- December 31
- - Beginning at noon, local time, guards and ticket agents on the London Underground begin walking off the job at the beginning of a 24-hour strike action. Although 23 of the system's 275 stations had closed, all trains were still operating as normal late into the afternoon. The subway train drivers have not joined the strike, but some refused to take their trains on the line for safety reasons. Transport for London, the city's bus operator, opened as many as 40 new lines to help ease the strain on the subway system for holiday travelers.
- ^ Culture24 (December 1, 2005), Search Engine project to open up National Railway Museum archives. Retrieved December 7, 2009.
- ^ The Transcontinental (December 7, 2005), Railway workers locked out. Retrieved December 7, 2005.
- ^ Duluth News Tribune, reprinted by Brotherhood of Locomotive Engineers and Trainmen (December 2, 2005), CN sues over municipal rail speed limits. Retrieved December 2, 2005.
- ^ Duluth Seaway Port Authority (November 23, 2005), Record setting cargo loading update. Retrieved December 6, 2005.
- ^ Duluth Shipping News, Photos. Retrieved December 6, 2005.
- ^ Passi, Peter; Duluth News Tribune (November 24, 2005), Latest lift breaks port records. Retrieved December 6, 2005.
- ^ Trainorders.com forum contributors (December 2, 2005), Schnabel car leaving Duluth. Retrieved December 6, 2005.
- ^ Kashar World News (December 5, 2005), Khokarapar-Monabao Railway track completed. Retrieved December 5, 2005.
- ^ Page, Jeremy; The Australian (December 6, 2005), Beijing backs plan for silk railroad link to Europe. Retrieved December 5, 2005.
- ^ Joseph, Olanyo; Daily Monitor (December 5, 2005), Signing of railway deal put off again. Retrieved December 5, 2005.
- ^ Heaster, Randolph; Kansas City Star (December 6, 2005), Kansas City Southern railroad has new name. Retrieved December 6, 2005.
- ^ Times Online (December 6, 2005), Docklands Light Railway reaches City airport. Retrieved December 7, 2005.
- ^ WAM (December 6, 2005), Study on Emirates Railway project given a go-ahead. Retrieved December 7, 2005.
- ^ TradeArabia (December 7, 2005), UAE mulls country-wide railway network. Retrieved December 7, 2005.
- ^ Chamber of Commerce and Industry of Slovenia, Upgraded Slovenia-Croatia Railroad Border Crossing Opens. Retrieved December 13, 2005.
- ^ RIA Novosti (December 7, 2005), U.S. East Group to produce railroad cars outside St. Petersburg. Retrieved December 7, 2005.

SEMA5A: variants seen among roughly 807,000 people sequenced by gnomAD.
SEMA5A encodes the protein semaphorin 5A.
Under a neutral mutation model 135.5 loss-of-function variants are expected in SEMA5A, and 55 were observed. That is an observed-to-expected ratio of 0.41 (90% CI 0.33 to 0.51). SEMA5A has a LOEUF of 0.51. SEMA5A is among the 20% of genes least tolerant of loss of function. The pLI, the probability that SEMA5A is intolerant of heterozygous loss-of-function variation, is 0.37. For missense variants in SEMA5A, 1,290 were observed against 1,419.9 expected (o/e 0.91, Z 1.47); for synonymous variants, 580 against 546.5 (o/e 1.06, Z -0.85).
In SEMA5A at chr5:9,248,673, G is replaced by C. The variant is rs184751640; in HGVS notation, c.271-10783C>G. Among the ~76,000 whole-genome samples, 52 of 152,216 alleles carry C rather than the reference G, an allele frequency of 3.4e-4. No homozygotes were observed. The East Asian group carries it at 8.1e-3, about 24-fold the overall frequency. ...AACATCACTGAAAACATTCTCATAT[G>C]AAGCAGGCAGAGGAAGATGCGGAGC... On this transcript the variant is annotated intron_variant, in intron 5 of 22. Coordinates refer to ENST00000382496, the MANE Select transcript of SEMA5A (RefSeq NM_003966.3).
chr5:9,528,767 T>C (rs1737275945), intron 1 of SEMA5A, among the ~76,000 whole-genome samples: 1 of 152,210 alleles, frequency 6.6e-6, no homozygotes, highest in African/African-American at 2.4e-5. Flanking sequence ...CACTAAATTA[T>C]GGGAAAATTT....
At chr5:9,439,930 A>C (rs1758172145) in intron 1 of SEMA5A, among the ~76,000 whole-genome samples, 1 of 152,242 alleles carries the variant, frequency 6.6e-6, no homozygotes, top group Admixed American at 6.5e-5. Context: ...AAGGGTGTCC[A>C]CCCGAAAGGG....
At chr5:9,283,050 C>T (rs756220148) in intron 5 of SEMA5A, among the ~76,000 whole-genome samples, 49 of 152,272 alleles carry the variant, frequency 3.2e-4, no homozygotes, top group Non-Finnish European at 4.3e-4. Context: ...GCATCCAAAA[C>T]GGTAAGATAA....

- ^ CBC News (December 7, 2005), Long trains banned on Whistler-Squamish line. Retrieved December 12, 2005.
- ^ "Arrivals & Departures". Trains Magazine 66 (3): p 11. March 2006. ISSN 0041-0934.
- ^ Norfolk Southern Railway (reprinted by Brotherhood of Locomotive Engineers and Trainmen, December 13, 2005), Norfolk Southern's 'Best Friend' visits stock exchange for opening bell ceremony. Retrieved December 14, 2005.
- ^ Roanoke Times (reprinted by Brotherhood of Locomotive Engineers and Trainmen, December 13, 2005), NS rings in 175th anniversary. Retrieved December 14, 2005.
- ^ Norfolk Southern Railway, Norfolk Southern's "Best Friend" Visits Stock Exchange. Retrieved December 14, 2005.
- ^ Murphy, Mathew; The Age (December 14, 2005), Time's up at last for railway landmark. Retrieved December 13, 2005.
- ^ Xinhua (December 14, 2005), Beijing-Shanghai railway trip to be shortened to 7 hours. Retrieved December 13, 2005.
- ^ Sofia News Agency (December 13, 2005), Protest Blocks Sofia-Thessaloniki Railway. Retrieved December 13, 2005.
- ^ ArabicNews.com (December 14, 2005), Jordan denies reports on a railway project with Israel. Retrieved December 15, 2005.
- ^ Associated Press (reprinted by TheDenverChannel.com December 15, 2005), Denver-Bound Amtrak Train Crashes Into Semitrailer, Killing Driver. Retrieved December 15, 2005.
- ^ CBS News (December 20, 2005), NYC Transit Workers On Strike. Retrieved December 20, 2005.
- ^ MosNews (December 21, 2005), Roof Collapse at Russian Railway Station Kills One, Injures 11. Retrieved December 22, 2005.
- ^ The Japan Times (December 22, 2005), Seibu Railway shareholders OK reorganizing plan. Retrieved December 22, 2005.
- ^ Associated Press (reprinted by Las Vegas Sun December 22, 2005), Nevada town, railroad car, added to state register. Retrieved December 22, 2005.
- ^ Clark, Campbell; Globe and Mail (December 23, 2005), Liberals fire Pelletier from railway - Again. Retrieved December 23, 2005.
- ^ Associated Press (reprinted by Brotherhood of Locomotive Engineers and Trainmen, December 22, 2005), Amtrak train in separate accidents involving vehicles. Retrieved December 27, 2005.
- ^ Trains NewsWire (December 22, 2005), Illinois’ Amtrak State House train in two grade-crossing accidents on same trip. Retrieved December 27, 2005.
- ^ The Baltic Times (December 24, 2005), Estonian demands fine from Estonian Railway owner. Retrieved December 24, 2005.
- ^ Yamaguchi, Mari; Associated Press (reprinted by ABC News, December 26, 2005), President of West Japan Railway to Resign. Retrieved December 27, 2005.
- ^ CRI Online (December 29, 2005), Building of Railway Hub in SW China Started. Retrieved December 29, 2005.
- ^ Bombardier (December 29, 2005), Bombardier Receives 243 Million Euros Order In Spain For 30 Additional Very High-Speed Trains. Retrieved December 30, 2005.
- ^ Leeman, Sue; Globe and Mail (December 31, 2005), Strike shuts some London tube stations. Retrieved December 31, 2005.